Designing a house? I absolutely could have done that. Composing a moving piece of music? I could have done that, too. But instead of choosing salvation by faith in Jesus early on in life and letting God work through His Holy Spirit, possibly opening up an opportunity down one of those paths or one far more fulfilling, I chose another path: a dead-end path that seemed exciting at first but ended up being self-indulgent and empty. And as Shakespeare wrote, “There’s the rub.”
Although God in His love and mercy saw fit to bring me unscathed, for the most part, through those dark times (in spite of some of my best efforts to the contrary), He let me go my own way down the path I chose – though, thankfully, not forever. Looking back now, I can only imagine (that word again) the blessings He might have had in store had I chosen a life of faith in His Son.
However, during these past four years – again, His love and mercy ever on display – He’s made up for the time I wasted by giving me opportunity after opportunity to grow my relationship with Him and take stuttering but sure steps down the path of sanctification. (Of course, He never makes me walk that path alone.)
Here are some of those steps:
As Psalm 119:105 says. “Your word is a lamp to my feet and a light for my path.” I recall day-dreaming through Bible reading before I became a Christian. The classic Bible verses were OK – John 3:16, for example – but anything that didn’t make it on a sign at a football game was of no import to me. Now, though, I can’t get enough. I’ve read it through twice in chronological order and at least that many more times in bits and pieces. (Right now, I’m doing a topical study on end-times prophecy – you know… just gettin’ ready…)
And now that I have a living relationship with the Lord, it’s never just passive reading – it’s an interactive adventure. These are God’s words, and reading them is like having a conversation with Him. Sometimes a passage I’ve read dozens of times before will suddenly hit me like a Blackjack dealer in Vegas. And when it does, it may be just the card I was hoping for or it may be the one that makes me “go bust.” (Let’s just think of that as conviction.) Either way, it’s worth the odds.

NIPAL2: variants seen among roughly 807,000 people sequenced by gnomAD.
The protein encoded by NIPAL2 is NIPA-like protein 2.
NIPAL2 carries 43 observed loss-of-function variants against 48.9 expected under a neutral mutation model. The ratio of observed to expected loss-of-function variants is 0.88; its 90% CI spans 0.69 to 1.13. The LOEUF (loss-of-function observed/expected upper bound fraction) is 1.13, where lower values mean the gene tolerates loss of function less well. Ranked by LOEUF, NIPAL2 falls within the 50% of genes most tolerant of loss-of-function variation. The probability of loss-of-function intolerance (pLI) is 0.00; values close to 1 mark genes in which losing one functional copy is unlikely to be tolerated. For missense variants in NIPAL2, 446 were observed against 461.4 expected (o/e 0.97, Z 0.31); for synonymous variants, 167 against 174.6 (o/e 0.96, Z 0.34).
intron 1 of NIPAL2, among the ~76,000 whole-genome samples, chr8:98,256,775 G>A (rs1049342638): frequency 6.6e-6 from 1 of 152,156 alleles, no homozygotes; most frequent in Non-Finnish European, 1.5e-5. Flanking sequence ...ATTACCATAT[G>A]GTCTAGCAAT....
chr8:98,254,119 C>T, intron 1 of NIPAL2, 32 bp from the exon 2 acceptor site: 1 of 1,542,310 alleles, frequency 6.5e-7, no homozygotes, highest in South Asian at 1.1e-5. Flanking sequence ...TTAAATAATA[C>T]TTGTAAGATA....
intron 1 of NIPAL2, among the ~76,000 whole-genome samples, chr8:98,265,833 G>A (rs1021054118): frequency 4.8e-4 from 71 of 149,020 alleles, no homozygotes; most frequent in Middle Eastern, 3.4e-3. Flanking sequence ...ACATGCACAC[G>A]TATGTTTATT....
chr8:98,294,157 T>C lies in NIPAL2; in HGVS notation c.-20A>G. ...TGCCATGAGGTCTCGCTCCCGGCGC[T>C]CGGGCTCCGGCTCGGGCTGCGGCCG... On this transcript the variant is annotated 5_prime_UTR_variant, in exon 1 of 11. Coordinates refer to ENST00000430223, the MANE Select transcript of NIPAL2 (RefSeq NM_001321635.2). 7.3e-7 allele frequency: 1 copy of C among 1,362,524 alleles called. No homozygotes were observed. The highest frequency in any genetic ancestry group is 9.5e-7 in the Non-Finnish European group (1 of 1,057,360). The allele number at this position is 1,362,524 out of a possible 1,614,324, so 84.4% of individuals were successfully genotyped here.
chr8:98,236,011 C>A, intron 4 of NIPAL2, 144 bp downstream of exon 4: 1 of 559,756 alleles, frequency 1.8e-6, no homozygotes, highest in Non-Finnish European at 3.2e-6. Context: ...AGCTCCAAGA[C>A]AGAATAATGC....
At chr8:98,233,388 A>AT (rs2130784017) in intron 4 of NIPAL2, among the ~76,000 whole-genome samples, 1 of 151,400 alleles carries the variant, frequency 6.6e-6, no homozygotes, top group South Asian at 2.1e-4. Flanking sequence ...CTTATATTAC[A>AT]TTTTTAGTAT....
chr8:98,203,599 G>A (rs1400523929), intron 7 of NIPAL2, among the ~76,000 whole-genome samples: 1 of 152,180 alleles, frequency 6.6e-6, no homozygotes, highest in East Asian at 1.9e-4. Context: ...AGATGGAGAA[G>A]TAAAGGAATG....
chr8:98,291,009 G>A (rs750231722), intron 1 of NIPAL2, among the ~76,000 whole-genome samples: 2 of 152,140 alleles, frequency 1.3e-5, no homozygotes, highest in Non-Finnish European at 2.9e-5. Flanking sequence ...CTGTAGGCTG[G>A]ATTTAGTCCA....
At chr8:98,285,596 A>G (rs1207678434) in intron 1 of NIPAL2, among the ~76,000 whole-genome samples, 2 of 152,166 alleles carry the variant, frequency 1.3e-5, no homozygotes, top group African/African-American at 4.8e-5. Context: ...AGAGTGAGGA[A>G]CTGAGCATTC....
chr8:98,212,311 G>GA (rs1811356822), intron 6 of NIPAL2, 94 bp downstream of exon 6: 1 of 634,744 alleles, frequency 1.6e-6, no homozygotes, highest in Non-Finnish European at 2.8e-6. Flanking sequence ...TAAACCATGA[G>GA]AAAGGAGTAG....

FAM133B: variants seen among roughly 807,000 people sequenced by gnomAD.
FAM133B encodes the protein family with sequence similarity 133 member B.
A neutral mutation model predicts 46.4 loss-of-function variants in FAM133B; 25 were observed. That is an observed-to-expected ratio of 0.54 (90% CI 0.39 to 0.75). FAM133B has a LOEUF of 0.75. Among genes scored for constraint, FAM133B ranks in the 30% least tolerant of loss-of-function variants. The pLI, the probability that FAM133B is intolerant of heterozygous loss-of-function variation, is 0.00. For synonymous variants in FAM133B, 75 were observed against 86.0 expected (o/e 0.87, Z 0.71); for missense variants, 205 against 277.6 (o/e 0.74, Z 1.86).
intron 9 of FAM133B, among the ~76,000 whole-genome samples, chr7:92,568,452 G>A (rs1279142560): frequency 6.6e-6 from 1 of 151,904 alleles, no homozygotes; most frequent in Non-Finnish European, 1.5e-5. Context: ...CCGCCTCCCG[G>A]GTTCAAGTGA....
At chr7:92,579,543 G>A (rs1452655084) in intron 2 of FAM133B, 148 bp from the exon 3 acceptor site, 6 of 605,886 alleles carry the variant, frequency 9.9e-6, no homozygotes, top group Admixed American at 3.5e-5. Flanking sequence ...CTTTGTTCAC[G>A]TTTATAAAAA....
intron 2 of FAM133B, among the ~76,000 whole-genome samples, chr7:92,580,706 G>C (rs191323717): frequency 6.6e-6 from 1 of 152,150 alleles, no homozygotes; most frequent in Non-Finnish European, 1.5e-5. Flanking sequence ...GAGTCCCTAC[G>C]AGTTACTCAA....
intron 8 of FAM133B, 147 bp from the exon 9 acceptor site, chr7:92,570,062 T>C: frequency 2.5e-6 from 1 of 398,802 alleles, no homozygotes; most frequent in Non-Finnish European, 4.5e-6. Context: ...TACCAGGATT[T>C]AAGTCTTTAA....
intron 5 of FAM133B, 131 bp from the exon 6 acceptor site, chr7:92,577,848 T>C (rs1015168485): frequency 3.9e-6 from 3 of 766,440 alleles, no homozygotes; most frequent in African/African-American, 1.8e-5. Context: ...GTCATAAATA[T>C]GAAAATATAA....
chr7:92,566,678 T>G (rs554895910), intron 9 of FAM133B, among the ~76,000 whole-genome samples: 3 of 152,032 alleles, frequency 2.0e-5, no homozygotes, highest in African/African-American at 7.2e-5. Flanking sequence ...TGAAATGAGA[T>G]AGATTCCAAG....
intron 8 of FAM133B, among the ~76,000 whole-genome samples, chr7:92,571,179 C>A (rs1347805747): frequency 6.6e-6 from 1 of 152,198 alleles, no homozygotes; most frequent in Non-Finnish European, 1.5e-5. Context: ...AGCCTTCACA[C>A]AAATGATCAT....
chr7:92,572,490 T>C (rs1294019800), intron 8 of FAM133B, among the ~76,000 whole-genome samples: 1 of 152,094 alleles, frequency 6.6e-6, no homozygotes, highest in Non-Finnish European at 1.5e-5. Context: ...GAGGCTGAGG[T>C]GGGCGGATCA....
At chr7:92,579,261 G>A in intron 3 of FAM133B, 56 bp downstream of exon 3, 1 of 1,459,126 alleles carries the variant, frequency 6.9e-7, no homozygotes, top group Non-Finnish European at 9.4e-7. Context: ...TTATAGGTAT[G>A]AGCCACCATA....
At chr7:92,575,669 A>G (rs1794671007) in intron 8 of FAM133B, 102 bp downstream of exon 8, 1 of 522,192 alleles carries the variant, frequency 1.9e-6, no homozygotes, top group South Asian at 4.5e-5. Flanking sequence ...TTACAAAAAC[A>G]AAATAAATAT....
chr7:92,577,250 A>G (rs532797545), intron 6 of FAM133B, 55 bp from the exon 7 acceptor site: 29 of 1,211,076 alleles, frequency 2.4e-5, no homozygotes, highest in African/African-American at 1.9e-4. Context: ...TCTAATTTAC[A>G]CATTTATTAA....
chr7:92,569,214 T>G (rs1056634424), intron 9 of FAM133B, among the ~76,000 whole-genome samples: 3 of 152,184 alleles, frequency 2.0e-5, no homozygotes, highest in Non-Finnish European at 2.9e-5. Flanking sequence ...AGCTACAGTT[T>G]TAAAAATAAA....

Let us pray
I’ve developed – am still developing, actually – a pray-without-ceasing kind of prayer life. I’m learning what it means to pray in Jesus’ name, and when to talk and when to listen. And when it’s time to talk, I’m learning to do just that – talk to the Lord just like I would a cherished friend. No pretense (He can see right through that); no Pharisaical pride and pomposity (nothing will shut Prayer Time down quicker than that); no pity party. Just seeking Him with simple, straight-shooting supplication, and – all too often – sorrow at falling short of what He wants for me. But He’s quick to forgive. He’s even teaching me to pray in public without my voice going up an octave from panic. (Talk about doing immeasurably more than all I can ask or imagine…!)
In my wildest dreams, I never imagined that I would be blogging about my spiritual life – I used to not even have a spiritual life. Yet, here I am, depending on God to give me the words to share what He’s done for me, writing about the day-to-day process of living out His will for my life, testifying to His ability to truly and totally make a new creation out of the vilest sinner. Because of God’s hand on my life, what I write may even touch hearts and lives, or have eternal significance, or be turned into a book. Again – immeasurably more…
Because of that new-found relationship with God, I find my imagination lingering on totally different things:
- I imagine how things I’ve read in the Bible really took place, like what that wheel within a wheel looked like that Ezekiel saw and what John heard in Revelation 10:4 when the voice from Heaven told him: “Seal up what the seven thunders have said and do not write it down.” I’m dying to know.
- Speaking of Heaven, I imagine what it’s really going to be like. While reading Randy Alcorn’s book, Heaven, my imagination truly soared, as he piqued my interest with his own interpretation of what the Bible says about eternity. Maybe once I’m there I truly will conduct a composition so moving and powerful it will bring the heavenly hosts to their feet. Except that any adulation will be directed to the Lord and not to me – and, miracle of miracles, I’ll be totally fine with that.
- I imagine what it will be like when I meet Luke and Ruth and Rahab and Daniel face-to-face. Even better, I imagine that day when I finally meet Jesus face-to-face. (Actually, I can’t even comprehend what that will be like; at this point, I typically have to just stop and mull on that one for a while.)
So even though I’ll probably never become an architect, or build that cool house I imagined; even though I’ll never tear through Gotham City in the Batmobile or leap tall buildings in a single bound; even though this blog may be the most significant thing I ever do while on this earth, I have something bigger than rock stardom and composer fame to dream about – this former kid-encaped-in-a towel is now imagining what God has for him in this life and, more important, in the next.
Whatever it is, it will be to the nth degree more than I could ever ask or imagine.